In the opening lines of the first stanza, the speaker asks why he and his wife should stay together when they are no longer in love. He implies that a marriage vow made long ago is not a good enough reason. In the opening line he calls the marriage vow that he and his wife made to one another "foolish." He thinks it is "foolish" because emotions change, and therefore it is "foolish" to promise that you will always love the same person as much as you do when you marry them. In the second line of the poem the speaker emphasizes this idea that emotions change when he says that the marriage vow was made "long ago." The implication here is that a lot of time has passed since the vow, and thus it no longer has much meaning. In the third and fourth lines of the poem the speaker says that the passion that once existed between him and his wife has "decay'd." This again emphasizes the point that, from the speaker's perspective, it is "foolish" to expect love to endure forever.
In the second half of the first stanza, beginning with line five, the speaker says that he and his wife have tried to love one another. He says, "We lov'd, and we lov'd, as long as we could." The repetition of "we lov'd" suggests that the love between the speaker and his wife has not died for lack of effort. In the sixth line the speaker says that eventually he and his wife were simply "lov'd out," meaning that they each ran out of love for the other. In the seventh line, the speaker proclaims definitively that "our marriage is dead," indicating that there is no way for him and his wife to rekindle their love. In the last line of the first stanza the speaker emphasizes that there is no longer any "pleasure" in their relationship.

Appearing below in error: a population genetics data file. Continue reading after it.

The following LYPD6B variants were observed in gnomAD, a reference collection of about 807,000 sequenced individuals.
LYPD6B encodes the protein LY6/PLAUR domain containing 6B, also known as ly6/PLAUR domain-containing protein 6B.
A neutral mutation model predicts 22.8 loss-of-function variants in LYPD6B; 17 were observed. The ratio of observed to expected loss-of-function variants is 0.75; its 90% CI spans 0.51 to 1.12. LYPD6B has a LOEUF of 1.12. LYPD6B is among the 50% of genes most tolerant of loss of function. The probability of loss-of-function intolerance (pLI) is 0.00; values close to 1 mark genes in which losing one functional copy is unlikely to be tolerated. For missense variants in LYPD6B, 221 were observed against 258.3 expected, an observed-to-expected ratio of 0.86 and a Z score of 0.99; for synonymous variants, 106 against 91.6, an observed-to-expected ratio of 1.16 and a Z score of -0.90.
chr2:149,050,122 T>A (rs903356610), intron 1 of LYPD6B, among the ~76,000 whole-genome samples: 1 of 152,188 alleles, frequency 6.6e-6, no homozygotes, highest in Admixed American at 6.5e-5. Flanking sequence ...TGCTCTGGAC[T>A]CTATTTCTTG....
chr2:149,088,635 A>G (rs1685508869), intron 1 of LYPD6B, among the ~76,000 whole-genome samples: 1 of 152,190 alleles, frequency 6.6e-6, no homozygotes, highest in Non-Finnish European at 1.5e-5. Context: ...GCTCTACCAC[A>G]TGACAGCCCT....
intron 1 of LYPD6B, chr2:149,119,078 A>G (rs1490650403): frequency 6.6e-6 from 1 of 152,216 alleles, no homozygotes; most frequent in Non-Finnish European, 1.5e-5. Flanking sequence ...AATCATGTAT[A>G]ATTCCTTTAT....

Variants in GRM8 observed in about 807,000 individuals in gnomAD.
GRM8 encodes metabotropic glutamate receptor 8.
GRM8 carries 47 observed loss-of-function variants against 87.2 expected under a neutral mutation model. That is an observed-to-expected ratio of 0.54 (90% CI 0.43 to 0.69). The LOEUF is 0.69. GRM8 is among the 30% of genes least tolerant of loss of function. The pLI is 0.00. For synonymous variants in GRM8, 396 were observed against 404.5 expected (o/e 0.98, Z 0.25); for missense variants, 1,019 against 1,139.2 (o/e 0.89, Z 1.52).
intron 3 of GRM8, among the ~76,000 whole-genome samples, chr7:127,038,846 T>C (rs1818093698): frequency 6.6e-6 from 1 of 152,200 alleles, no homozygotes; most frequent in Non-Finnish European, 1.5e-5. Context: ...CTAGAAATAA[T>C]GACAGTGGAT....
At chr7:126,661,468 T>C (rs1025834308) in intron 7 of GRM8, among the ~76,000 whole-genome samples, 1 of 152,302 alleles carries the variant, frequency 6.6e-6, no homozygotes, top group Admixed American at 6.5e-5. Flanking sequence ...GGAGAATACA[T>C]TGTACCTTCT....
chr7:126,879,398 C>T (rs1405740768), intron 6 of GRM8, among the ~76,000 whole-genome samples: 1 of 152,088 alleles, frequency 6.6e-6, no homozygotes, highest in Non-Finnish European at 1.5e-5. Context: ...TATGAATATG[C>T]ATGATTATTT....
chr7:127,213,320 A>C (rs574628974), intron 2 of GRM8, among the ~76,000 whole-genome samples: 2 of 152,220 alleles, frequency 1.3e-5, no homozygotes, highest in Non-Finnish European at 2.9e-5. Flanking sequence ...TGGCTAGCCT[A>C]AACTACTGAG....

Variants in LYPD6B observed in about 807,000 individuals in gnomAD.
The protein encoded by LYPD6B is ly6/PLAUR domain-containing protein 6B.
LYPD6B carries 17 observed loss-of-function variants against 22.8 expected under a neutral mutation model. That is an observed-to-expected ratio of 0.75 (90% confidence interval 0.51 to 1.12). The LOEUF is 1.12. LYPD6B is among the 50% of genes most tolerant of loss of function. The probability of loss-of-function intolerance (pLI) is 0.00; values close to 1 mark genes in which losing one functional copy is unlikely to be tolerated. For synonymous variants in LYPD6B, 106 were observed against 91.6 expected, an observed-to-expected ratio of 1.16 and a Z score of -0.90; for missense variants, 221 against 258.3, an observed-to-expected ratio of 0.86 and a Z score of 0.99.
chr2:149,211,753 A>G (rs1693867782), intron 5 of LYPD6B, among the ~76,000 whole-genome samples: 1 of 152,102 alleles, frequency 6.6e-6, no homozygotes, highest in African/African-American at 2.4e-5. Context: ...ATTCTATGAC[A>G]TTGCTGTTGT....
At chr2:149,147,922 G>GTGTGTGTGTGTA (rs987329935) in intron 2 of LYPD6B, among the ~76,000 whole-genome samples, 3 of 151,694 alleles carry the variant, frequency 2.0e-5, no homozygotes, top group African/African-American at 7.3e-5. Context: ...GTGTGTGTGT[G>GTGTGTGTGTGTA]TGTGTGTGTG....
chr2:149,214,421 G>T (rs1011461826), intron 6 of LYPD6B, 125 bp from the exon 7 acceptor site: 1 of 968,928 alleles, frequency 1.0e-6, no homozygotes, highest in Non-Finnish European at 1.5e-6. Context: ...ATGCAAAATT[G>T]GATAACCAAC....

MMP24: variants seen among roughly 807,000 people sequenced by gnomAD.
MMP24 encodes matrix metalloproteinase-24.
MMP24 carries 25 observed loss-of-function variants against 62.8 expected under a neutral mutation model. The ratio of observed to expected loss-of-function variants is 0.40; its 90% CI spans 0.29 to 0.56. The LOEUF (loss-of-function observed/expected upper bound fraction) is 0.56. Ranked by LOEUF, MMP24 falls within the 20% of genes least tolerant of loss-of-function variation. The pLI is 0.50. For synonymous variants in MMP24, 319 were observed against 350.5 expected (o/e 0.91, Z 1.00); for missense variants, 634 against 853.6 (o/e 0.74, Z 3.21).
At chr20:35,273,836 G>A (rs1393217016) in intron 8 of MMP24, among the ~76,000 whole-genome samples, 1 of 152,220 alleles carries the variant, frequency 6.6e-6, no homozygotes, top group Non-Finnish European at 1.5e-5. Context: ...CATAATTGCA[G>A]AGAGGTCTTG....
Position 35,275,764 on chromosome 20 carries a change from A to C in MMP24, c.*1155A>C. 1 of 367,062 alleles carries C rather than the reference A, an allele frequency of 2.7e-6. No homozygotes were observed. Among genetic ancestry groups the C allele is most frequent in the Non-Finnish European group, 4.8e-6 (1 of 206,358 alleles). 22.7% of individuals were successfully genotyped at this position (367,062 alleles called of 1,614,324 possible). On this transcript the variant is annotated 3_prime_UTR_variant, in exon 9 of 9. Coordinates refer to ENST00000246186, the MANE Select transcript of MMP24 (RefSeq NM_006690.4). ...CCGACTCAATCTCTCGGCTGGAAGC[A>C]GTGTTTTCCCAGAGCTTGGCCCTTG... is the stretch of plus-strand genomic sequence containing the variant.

In the second stanza, the speaker tries to prove how "foolish" the marriage vow is by comparing a marriage to a friendship. In the opening two lines of the second stanza the speaker suggests a scenario in which he has "pleasures for a friend," but "farther love in store." In other words, the speaker asks the listener to imagine a friendship that the speaker has and which the speaker finds pleasurable, but which fades away when the speaker meets somebody else that he loves. In the third and fourth lines, the speaker asks why it would be wrong for the person who found love to, at that point, commit less to the friendship. The implied answer to this rhetorical question is that that person has done no wrong at all.
In the second half of the second stanza, beginning with line five, the speaker says that it is "a madness" for one friend to be "jealous" or possessive of another who finds love elsewhere. In line six of the second stanza, the speaker says that it would be equally irrational of the friend who found love to insist that the other friend not replace him with somebody else. Here, the speaker is implying of course that it is just as irrational of a wife to demand the same of her husband. In the seventh and eight lines of stanza two the speaker says that all that can come from such jealousy and possessiveness is "pain." In other words, when a man and wife stay together simply because they feel obliged to honor their marriage vow, they will only cause each other pain, which neither of them will be able to "hinder," or prevent.